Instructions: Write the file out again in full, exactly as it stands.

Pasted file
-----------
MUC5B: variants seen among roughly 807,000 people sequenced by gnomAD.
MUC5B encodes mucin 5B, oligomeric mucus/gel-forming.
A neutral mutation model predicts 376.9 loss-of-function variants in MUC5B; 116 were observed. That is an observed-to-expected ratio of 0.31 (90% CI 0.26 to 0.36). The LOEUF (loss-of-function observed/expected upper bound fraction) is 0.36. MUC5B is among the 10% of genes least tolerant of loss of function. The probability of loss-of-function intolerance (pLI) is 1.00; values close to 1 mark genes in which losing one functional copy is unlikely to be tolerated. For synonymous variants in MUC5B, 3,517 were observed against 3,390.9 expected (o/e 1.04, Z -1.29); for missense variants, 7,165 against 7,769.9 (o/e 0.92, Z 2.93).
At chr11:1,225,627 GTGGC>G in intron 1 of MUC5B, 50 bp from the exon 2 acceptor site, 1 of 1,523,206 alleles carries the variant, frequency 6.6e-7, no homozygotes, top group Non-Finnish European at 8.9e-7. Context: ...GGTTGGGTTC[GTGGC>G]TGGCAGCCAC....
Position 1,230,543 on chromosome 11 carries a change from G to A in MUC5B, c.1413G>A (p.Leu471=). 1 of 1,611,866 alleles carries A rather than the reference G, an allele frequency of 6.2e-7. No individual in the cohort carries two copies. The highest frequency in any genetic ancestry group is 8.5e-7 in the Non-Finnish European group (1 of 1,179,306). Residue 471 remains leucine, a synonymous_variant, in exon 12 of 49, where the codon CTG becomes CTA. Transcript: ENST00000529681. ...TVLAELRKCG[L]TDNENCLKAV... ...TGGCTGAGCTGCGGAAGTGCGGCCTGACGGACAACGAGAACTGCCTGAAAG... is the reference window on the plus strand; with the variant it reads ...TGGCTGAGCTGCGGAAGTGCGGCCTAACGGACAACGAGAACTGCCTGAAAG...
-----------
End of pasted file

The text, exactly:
MUC5B: variants seen among roughly 807,000 people sequenced by gnomAD.
MUC5B encodes mucin 5B, oligomeric mucus/gel-forming.
A neutral mutation model predicts 376.9 loss-of-function variants in MUC5B; 116 were observed. That is an observed-to-expected ratio of 0.31 (90% CI 0.26 to 0.36). The LOEUF (loss-of-function observed/expected upper bound fraction) is 0.36. MUC5B is among the 10% of genes least tolerant of loss of function. The probability of loss-of-function intolerance (pLI) is 1.00; values close to 1 mark genes in which losing one functional copy is unlikely to be tolerated. For synonymous variants in MUC5B, 3,517 were observed against 3,390.9 expected (o/e 1.04, Z -1.29); for missense variants, 7,165 against 7,769.9 (o/e 0.92, Z 2.93).
At chr11:1,225,627 GTGGC>G in intron 1 of MUC5B, 50 bp from the exon 2 acceptor site, 1 of 1,523,206 alleles carries the variant, frequency 6.6e-7, no homozygotes, top group Non-Finnish European at 8.9e-7. Context: ...GGTTGGGTTC[GTGGC>G]TGGCAGCCAC....
Position 1,230,543 on chromosome 11 carries a change from G to A in MUC5B, c.1413G>A (p.Leu471=). 1 of 1,611,866 alleles carries A rather than the reference G, an allele frequency of 6.2e-7. No individual in the cohort carries two copies. The highest frequency in any genetic ancestry group is 8.5e-7 in the Non-Finnish European group (1 of 1,179,306). Residue 471 remains leucine, a synonymous_variant, in exon 12 of 49, where the codon CTG becomes CTA. Transcript: ENST00000529681. ...TVLAELRKCG[L]TDNENCLKAV... ...TGGCTGAGCTGCGGAAGTGCGGCCTGACGGACAACGAGAACTGCCTGAAAG... is the reference window on the plus strand; with the variant it reads ...TGGCTGAGCTGCGGAAGTGCGGCCTAACGGACAACGAGAACTGCCTGAAAG...